You Can Lay Blame and Point Fingers, but What We All Need is a Lot of Patience


You may have heard the phrase "the patience of Job," which refers to the Biblical story of a man whose patience and faith was tested when Satan took all his worldly possessions and left him in poverty and disease. According to the scriptures, Job remained faithful despite his horrible predicament and was rewarded when God restored all that he had.

Thus we have today this popular phrase: Patience, faith, reward.

The question is, does anyone really believe it?

In a lot of ways, the patience of Menifee residents is being tested. We aren't sitting on a pile of rubble, penniless and covered from head to toe in sore boils, as Job was. Even so, many of us are downright irritated about one thing or another concerning our fair city.

More development. Less development. It's too hot. It's too crowded. We need more parks. We need better roads. Look what Temecula has. Who wants to be Temecula? When are we getting a bowling alley? A movie theater?

As I tell my grandkids, "I want a million dollars, too, but I don't think it's happening this week."

The thing is, Menifee is in that awkward growth stage, kind of like the gangly teenager whose emotions and coordination can't keep up with his body. We're growing, whether some like it or not. How much? Time will tell.

Meanwhile, the focal point of all this frustration has become the debate over the best solution to our city's traffic problems. What's the quick fix, you ask?

The answer: There is none. That's where the patience comes in.

Are you invested in the future of this community? Then you might as well make the best of what we have now, and realize it will take a while to get what we all want -- or the portion of that we can agree on.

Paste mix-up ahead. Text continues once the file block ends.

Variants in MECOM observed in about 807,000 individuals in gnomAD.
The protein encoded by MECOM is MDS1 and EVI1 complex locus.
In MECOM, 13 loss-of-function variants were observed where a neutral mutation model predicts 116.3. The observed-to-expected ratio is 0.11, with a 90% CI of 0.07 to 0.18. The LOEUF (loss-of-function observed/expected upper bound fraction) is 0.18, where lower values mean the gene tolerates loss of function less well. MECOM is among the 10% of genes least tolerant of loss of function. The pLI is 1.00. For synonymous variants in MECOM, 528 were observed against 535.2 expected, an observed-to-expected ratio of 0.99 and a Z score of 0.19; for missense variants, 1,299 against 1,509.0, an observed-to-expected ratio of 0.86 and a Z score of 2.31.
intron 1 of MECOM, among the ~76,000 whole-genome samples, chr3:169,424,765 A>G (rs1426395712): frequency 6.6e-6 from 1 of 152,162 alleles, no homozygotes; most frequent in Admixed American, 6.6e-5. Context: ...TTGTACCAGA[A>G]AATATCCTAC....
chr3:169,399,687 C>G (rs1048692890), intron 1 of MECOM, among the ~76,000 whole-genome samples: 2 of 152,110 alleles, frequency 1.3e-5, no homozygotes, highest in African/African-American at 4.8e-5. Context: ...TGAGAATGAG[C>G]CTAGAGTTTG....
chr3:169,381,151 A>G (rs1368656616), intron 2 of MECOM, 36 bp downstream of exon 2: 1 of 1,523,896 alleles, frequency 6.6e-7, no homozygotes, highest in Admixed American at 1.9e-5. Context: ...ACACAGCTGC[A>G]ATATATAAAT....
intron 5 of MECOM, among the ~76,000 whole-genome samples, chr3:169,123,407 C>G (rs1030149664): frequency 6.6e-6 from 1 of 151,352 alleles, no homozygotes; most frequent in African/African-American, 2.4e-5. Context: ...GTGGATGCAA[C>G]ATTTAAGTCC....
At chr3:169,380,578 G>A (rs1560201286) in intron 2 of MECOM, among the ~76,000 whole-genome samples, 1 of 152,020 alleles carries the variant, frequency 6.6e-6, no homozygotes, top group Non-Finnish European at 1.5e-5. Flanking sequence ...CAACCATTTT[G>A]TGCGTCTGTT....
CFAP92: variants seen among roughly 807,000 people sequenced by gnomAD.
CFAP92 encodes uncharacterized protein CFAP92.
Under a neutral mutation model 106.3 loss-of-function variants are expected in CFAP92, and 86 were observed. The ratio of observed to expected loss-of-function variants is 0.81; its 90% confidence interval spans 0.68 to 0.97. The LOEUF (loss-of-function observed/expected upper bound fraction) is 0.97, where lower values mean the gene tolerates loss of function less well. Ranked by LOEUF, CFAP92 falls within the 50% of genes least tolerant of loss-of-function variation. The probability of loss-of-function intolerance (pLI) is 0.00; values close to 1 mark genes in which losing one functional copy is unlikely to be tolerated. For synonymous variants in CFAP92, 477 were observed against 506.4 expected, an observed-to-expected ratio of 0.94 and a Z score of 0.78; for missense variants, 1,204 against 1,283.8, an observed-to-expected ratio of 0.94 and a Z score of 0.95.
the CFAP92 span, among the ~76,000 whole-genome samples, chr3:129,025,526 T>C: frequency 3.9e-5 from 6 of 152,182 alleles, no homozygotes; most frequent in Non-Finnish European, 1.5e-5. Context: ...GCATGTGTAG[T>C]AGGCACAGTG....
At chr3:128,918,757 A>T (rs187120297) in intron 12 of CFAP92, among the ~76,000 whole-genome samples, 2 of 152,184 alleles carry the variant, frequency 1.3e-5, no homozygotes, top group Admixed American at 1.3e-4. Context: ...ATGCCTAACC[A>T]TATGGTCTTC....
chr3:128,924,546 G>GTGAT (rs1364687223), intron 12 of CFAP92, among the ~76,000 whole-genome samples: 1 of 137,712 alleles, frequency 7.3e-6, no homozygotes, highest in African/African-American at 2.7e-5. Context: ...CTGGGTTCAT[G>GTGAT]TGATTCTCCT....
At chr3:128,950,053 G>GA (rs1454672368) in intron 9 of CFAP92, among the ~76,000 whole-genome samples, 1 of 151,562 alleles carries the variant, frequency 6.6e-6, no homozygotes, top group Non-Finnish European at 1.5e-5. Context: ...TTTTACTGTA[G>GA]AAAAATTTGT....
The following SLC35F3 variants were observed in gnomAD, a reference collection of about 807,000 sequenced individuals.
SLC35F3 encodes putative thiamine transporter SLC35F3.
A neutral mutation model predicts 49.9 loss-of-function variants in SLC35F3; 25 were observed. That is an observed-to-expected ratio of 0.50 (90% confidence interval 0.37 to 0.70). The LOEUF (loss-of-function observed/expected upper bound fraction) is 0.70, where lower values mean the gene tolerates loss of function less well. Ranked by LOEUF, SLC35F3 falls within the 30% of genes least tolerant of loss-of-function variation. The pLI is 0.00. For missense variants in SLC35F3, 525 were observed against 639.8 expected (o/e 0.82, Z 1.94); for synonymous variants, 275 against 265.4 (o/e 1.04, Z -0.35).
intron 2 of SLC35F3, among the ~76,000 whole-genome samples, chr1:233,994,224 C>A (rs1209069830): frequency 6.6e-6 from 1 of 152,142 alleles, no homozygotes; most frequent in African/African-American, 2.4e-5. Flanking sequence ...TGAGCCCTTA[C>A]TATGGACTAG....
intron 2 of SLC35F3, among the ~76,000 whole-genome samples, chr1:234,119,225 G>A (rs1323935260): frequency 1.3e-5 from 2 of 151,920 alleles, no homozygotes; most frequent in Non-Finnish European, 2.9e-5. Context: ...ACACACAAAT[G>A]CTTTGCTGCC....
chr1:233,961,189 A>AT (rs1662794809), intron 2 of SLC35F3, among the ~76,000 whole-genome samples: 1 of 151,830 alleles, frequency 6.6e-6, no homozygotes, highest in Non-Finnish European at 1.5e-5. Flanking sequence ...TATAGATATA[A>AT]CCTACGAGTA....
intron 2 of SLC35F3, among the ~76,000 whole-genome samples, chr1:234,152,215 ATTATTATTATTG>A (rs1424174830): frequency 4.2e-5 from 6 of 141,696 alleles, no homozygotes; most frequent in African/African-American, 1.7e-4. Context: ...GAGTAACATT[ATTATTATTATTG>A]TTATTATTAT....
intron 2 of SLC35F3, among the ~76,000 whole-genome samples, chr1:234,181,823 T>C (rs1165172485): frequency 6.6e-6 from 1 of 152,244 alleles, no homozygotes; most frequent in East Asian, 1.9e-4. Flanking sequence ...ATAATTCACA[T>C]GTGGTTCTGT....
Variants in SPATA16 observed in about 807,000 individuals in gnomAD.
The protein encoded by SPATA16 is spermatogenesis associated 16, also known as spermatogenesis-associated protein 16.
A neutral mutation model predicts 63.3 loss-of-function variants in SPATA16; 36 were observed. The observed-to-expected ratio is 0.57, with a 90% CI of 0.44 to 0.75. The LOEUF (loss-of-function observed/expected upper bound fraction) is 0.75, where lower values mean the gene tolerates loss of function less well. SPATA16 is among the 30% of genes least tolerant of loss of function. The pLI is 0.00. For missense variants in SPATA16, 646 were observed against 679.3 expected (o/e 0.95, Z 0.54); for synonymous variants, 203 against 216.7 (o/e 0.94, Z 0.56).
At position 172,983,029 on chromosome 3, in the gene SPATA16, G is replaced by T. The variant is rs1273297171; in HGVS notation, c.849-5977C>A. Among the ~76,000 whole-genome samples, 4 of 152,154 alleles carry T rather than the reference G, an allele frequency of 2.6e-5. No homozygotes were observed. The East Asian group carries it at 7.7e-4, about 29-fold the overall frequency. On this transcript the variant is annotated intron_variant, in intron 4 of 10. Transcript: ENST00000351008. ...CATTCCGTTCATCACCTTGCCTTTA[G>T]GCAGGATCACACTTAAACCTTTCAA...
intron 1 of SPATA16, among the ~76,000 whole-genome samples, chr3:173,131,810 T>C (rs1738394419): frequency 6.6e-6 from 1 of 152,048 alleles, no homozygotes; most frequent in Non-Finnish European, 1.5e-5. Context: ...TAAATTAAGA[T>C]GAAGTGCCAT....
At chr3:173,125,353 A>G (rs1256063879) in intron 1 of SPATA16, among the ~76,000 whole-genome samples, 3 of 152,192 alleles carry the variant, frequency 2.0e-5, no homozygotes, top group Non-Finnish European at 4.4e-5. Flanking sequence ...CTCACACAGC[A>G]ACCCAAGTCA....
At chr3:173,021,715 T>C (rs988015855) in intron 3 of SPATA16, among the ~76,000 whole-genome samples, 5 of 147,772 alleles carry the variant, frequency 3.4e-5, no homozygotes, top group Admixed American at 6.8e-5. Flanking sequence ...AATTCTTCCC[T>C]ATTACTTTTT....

Yes, we need more ways to get across Interstate 215. Yes, pretty much everyone agrees that the proposed Holland Road overpass is the best plan. Believe it or not, the city council members realize that, too.

In light of all the discussion of proposed road improvements recently, this was a hot topic at Tuesday night's city council meeting.

"I think it's important to at least start the Holland overpass planning," said council member Sue Kristjansson. "Not to jeopardize the Newport and Scott projects, but on a parallel path, we need to start making that funding available."

Council member Wallace Edgerton agreed.

"This would be a vital link in our city," he said. "I can't imagine anything in this city having more impact than the Holland overpass."

So don't assume the council members are putting the Holland project on the back burner, behind the Newport and Scott Road interchanges. They get stuck in the same traffic jams you do. You can blame them, city staff or anyone else, but it won't make any difference. Newport gets done first because it's the furthest along in the design and funding stages. But at least council and staff members made it clear Tuesday night they know they must get the ball rolling on the Holland overpass project.